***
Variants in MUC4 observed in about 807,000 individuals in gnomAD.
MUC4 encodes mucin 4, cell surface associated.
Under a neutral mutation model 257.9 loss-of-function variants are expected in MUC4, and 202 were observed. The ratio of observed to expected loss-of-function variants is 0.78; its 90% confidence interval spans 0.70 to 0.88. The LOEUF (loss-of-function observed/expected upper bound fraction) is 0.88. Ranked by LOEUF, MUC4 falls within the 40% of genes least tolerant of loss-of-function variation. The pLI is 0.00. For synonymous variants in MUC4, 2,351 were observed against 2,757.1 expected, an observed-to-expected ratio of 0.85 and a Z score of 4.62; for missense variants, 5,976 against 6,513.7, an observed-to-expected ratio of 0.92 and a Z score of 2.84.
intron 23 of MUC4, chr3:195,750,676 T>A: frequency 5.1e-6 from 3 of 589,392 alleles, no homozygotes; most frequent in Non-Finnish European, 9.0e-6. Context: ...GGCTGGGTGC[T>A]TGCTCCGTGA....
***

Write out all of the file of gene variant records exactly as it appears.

Variants in MUC4 observed in about 807,000 individuals in gnomAD.
MUC4 encodes mucin 4, cell surface associated.
Under a neutral mutation model 257.9 loss-of-function variants are expected in MUC4, and 202 were observed. The ratio of observed to expected loss-of-function variants is 0.78; its 90% confidence interval spans 0.70 to 0.88. The LOEUF (loss-of-function observed/expected upper bound fraction) is 0.88. Ranked by LOEUF, MUC4 falls within the 40% of genes least tolerant of loss-of-function variation. The pLI is 0.00. For synonymous variants in MUC4, 2,351 were observed against 2,757.1 expected, an observed-to-expected ratio of 0.85 and a Z score of 4.62; for missense variants, 5,976 against 6,513.7, an observed-to-expected ratio of 0.92 and a Z score of 2.84.
intron 23 of MUC4, chr3:195,750,676 T>A: frequency 5.1e-6 from 3 of 589,392 alleles, no homozygotes; most frequent in Non-Finnish European, 9.0e-6. Context: ...GGCTGGGTGC[T>A]TGCTCCGTGA....